Over the years we’ve met quite a few collectors that share the same passion for subculture and collecting. These passions culminate for the us by collecting specifics artist's, iconography and imagery that shapes each of our collections. On the rare occasion we’re asked to offer vintage items on the site, and we have from time to time. Well last week profoundly changed our lives and we’re excited to share that will you. After spending a few days learning about the stories of 1 collector that has been in the game for the past few decades we found signed prints from many of the artists that built the foundation for collecting art prints. With the likes of Bill Graham, Gary Grimshaw, Coop, Derek Hess and beyond, stored safely in flat files, we sifted through and pulled a few hundred prints. Now that we’re back home we’re doing our best to process this collection, grade for quality, photograph and add to the site.
Stanley Mouse was born in California on October 10, 1940. His father was an animator with Disney Studios who worked on Snow White. Stanley grew up in Detroit where Motown music and the city’s obsession with motor cars combined with his genius at drawing and made Stanleys life path clear at an early age. Quiet and always drawing in class, Stanley earned his pen name, Mouse in the seventh grade. He’d become known for his sketches of monster-driven muscle cars and as soon as he began signing with his pen name, he became instantly famous at thirteen.
Stanley found a niche in the Detroit hot rod culture by detailing extraordinary paint jobs on vehicles until no quality hot rod in town could be seen without a Mouse pin-striping job. Soon after, he began applying his favorite subjects to T-shirts with an airbrush. In the tenth grade, Stanley did some graffiti on the high school hang out and was expelled from high school, the silver lining being that he then enrolled in art school.
Stanley received his formal training at Detroit’s School for the Society of Arts and Crafts which was connected to the Detroit art museum. He dropped out to follow a higher calling to do rock posters in San Francisco during the sixties wartime era of social revolution, political passion and musical innovation. History was made when Stanley met Alton Kelley – they collaborated for over 15 years and changed the course of advertising art forever. Two of their most famous images, one featuring ZigZag cigarette rolling papers and another, the Grateful Dead skeleton and roses motif, became symbols of a generation. Kelley and Mouse were innovators of the most important art movement of the latter part of the twentieth century. They captured the passion and excitement of the times with their distinctive styles. In 1970 Stanley returned to Detroit and was given a one man show at the Detroit Institute of Art.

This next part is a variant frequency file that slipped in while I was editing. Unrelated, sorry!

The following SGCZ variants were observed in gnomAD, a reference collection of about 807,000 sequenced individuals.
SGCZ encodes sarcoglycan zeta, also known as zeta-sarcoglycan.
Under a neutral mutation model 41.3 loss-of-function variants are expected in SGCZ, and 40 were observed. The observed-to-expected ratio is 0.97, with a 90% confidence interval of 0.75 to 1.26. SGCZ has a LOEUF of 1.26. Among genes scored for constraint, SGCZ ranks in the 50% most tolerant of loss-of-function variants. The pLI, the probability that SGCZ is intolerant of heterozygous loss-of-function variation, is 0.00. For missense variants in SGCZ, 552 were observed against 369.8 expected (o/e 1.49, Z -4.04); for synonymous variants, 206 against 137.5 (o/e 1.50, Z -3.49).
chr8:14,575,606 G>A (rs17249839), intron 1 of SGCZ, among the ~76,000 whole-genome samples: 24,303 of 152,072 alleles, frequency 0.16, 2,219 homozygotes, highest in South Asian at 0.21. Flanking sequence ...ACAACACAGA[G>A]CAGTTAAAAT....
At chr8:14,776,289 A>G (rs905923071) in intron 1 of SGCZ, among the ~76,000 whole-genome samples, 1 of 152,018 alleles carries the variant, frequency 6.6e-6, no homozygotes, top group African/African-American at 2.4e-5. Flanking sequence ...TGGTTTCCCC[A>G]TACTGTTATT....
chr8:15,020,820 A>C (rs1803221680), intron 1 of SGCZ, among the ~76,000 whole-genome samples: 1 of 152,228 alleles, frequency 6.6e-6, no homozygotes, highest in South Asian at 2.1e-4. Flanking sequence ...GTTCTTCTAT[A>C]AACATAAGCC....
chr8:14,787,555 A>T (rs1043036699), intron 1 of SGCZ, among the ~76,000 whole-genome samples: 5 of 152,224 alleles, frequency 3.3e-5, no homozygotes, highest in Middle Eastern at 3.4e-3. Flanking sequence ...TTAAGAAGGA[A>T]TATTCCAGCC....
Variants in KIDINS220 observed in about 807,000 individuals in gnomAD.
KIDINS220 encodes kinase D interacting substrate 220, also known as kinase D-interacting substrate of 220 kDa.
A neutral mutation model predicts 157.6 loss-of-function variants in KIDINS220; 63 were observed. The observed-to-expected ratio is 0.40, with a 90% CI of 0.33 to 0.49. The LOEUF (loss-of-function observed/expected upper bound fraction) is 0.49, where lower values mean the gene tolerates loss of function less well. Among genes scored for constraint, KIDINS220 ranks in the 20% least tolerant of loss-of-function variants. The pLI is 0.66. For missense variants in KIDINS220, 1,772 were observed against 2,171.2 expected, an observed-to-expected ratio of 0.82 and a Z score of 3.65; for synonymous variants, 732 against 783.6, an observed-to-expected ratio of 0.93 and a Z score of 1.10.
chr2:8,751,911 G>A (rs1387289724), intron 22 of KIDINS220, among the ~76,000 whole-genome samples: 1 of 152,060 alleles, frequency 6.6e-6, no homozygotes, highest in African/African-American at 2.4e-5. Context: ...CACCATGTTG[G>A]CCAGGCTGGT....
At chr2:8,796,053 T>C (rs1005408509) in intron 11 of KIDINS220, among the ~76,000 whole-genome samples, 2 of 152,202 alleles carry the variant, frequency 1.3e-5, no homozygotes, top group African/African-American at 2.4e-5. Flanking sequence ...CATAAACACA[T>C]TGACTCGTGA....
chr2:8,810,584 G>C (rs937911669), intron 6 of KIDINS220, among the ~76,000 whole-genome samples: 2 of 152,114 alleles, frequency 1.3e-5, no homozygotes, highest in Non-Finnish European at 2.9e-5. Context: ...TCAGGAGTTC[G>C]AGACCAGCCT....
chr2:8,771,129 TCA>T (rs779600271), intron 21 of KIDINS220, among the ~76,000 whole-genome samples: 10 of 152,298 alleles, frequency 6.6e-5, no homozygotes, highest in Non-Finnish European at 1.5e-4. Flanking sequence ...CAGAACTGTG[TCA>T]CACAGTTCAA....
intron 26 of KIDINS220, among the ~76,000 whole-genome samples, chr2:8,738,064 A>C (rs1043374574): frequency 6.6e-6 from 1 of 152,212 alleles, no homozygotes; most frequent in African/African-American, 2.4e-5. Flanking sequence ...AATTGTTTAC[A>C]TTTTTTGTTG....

In the late sixties Stanley moved from San Francisco to London to flame Eric Claptons Rolls Royce. From there he did art for Blind Faith and the Beatles and returned to America to work on the signage at Woodstock with Kelley. Kelley and Mouse were working on a Jimi Hendrix cover but Jimi died before it was released. That art morphed into several covers for Journey, including Infinity, Escape and Captured.
Stanley designed with Art Nouveau elegance and American pop-art sensibilities. He produced posters for the Fillmore Auditorium and the Avalon Ballroom. The art promoting the San Francisco scene became instant collectibles and went far beyond the local scene to reach museums worldwide. Art and music came together in images associated with the The Family Dog, Grateful Dead, Jefferson Airplane, Janis Joplin, Big Brother and the Holding Company, Steve Miller. Then on to Jimi Hendrix, Journey, The Rolling Stones, The Beatles and Blind Faith. In all, Mouse and Kelley did the first eight album covers for the Grateful Dead, including the delightful Ice Cream Kid/Rainbow Foot cover of their Europe 72 live album. The cover art for Steve Millers album Book of Dreams won a Grammy Award in 1977.